A physician friend asked me today if I had seen the survey in the New England Journal of Medicine that says nearly half of us will quit medicine if health care reform passes. My fried, a life-long Republican, found the numbers difficult to believe. So did I.
The New England Journal of Medicine (NEJM), one of medicine’s most respected journals, did not publish such a poll. Apparently, in an earlier version of a web-based story posted on their jobs page, they reported the results of a poll conducted by a physician recruitment firm. Partisan bloggers and networks jumped on the story as an argument against health care reform.
The Journal changed it’s website to reflect explicitly the fact that the survey was industry-produced content in an advertising newsletter, not actual journal content. I find the behavior of the Journal a bit problematic. It looks bad when you have to clarify the origin and purpose of your content. But this was clearly never a peer-reviewed journal article.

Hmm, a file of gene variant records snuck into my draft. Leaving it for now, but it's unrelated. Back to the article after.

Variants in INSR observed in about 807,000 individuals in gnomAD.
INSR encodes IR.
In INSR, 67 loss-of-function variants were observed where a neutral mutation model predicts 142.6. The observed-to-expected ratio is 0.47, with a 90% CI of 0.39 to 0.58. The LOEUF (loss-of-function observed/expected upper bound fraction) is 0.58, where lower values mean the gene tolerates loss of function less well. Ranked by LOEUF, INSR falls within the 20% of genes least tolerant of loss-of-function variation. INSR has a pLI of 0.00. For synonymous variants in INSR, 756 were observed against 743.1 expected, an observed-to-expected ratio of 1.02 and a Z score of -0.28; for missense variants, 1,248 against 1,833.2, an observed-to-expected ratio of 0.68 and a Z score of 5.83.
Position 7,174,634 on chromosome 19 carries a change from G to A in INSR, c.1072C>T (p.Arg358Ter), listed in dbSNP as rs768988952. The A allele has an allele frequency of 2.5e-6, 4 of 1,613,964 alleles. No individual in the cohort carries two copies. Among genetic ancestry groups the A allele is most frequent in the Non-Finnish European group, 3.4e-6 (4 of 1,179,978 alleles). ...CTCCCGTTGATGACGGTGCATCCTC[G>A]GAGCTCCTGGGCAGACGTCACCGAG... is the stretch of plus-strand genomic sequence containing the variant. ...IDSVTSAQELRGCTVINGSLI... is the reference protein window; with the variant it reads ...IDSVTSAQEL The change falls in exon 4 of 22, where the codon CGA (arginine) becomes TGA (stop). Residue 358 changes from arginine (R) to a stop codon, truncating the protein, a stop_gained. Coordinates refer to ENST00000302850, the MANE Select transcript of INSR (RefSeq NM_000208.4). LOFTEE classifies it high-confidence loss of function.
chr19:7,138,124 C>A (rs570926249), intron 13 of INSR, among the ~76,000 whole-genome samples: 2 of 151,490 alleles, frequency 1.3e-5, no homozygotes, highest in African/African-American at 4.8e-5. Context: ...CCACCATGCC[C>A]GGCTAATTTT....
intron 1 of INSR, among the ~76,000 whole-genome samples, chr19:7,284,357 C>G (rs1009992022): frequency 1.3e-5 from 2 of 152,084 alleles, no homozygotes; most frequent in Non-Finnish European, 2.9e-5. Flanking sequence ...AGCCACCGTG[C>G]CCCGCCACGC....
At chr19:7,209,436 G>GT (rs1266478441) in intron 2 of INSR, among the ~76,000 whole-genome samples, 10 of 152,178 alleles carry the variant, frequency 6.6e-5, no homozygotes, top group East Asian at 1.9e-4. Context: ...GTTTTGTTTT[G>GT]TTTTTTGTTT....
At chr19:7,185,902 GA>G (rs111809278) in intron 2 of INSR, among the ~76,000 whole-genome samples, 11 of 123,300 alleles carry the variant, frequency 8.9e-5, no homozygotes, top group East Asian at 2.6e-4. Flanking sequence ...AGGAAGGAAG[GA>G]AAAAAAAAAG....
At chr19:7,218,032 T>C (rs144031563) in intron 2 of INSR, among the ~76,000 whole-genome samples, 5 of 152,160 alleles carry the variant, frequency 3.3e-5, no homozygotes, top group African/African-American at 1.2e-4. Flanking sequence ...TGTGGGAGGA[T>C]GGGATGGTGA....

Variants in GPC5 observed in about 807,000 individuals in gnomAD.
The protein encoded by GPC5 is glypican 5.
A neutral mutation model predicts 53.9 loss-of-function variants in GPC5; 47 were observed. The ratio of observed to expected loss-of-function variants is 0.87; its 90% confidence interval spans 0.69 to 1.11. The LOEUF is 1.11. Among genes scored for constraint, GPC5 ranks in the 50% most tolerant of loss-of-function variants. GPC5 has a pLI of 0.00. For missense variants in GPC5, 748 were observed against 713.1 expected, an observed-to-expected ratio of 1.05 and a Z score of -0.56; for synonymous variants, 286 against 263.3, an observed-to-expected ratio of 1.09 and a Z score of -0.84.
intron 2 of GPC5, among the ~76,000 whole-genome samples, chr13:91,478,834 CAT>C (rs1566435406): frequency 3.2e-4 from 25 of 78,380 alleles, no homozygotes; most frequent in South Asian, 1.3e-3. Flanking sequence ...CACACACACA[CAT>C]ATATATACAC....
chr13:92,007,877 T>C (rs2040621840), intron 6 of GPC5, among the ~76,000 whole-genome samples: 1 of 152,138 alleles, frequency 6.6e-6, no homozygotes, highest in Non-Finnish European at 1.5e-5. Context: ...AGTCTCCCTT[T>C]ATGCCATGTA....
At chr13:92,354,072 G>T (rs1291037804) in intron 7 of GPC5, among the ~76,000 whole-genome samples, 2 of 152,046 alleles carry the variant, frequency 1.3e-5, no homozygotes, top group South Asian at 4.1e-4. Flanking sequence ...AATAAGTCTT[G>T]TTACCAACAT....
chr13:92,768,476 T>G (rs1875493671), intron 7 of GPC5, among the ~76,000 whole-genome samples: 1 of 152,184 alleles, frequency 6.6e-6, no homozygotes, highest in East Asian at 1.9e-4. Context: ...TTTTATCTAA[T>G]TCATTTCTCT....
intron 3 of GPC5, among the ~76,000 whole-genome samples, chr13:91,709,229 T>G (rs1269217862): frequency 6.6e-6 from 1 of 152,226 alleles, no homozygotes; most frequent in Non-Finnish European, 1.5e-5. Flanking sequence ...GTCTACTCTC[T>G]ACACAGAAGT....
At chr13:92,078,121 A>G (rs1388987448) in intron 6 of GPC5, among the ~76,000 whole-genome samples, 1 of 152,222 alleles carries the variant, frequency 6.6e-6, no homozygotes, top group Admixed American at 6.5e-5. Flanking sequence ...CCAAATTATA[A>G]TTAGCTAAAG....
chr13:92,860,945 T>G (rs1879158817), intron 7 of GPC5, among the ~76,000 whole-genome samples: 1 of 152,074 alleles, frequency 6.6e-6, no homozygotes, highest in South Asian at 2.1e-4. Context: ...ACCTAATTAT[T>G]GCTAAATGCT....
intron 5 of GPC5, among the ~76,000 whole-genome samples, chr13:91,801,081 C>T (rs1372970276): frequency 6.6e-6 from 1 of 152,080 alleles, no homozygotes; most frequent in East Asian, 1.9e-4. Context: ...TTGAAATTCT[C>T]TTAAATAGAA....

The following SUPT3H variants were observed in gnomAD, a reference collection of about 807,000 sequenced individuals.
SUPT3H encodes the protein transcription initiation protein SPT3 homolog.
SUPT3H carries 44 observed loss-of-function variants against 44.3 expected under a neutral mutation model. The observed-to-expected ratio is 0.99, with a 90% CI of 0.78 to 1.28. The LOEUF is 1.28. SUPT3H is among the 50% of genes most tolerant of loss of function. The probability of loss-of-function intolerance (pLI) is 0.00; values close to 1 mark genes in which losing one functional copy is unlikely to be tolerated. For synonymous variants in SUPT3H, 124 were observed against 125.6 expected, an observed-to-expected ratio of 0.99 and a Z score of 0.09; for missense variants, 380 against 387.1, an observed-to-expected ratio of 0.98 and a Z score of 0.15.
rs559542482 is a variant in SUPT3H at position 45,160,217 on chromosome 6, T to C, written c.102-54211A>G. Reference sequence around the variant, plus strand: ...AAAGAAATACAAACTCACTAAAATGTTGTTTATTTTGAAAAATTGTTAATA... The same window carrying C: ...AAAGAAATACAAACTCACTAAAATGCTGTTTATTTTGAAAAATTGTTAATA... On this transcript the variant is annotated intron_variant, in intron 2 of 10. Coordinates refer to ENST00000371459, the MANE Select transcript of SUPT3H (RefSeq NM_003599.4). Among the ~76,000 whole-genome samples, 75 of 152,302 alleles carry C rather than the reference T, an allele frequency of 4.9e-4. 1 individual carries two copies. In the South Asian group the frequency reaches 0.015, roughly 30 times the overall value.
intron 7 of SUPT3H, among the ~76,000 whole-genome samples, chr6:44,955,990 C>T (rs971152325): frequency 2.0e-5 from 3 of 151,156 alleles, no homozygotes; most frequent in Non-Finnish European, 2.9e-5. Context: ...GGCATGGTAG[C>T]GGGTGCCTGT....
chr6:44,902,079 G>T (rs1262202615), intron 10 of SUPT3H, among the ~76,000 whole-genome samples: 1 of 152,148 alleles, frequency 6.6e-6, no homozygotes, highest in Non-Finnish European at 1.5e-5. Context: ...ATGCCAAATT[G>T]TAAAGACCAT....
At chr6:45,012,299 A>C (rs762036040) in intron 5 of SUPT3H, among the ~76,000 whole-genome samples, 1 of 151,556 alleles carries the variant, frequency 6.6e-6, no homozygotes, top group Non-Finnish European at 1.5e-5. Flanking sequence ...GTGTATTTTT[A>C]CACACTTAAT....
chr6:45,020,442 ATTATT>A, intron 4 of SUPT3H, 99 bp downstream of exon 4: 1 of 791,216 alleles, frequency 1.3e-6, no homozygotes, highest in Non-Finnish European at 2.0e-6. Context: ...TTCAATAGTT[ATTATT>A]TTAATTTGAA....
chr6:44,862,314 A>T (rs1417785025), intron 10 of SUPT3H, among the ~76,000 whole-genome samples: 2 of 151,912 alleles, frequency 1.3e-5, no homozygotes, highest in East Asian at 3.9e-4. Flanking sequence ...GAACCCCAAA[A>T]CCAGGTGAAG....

In other words, when asked about HCR without a public option (there is no public option in the current legislation), a plurality felt that their own quality of practice and career satisfaction would be unchanged; many thought that their income would drop; many thought medical care would decline, and many thought that physician supply would decline. Many physicians can form reasonable opinions about most of those measures—but not physician supply. Nothing I do in my daily practice give me data on physician supply.
When asked, “How do you think the passage of health reform WITHOUT a public option would affect your professional/practice plans, if at all?” 70% of respondents said, “no change.” It is not reported in this data, but apparently primary care physicians, who made up about a third of respondents, were more likely to say that they would leave medical practice.
I have no doubt that there are unsatisfied physicians out there. This data, gathered unscientifically, hyped by the survey company, and widely picked up by partisan media, is not a reliable measure of doctors’ responses to health care reform.
Thinking about it from a purely practical standpoint, how many primary care physicians can financially afford to retire? How many can simply pick up and change careers?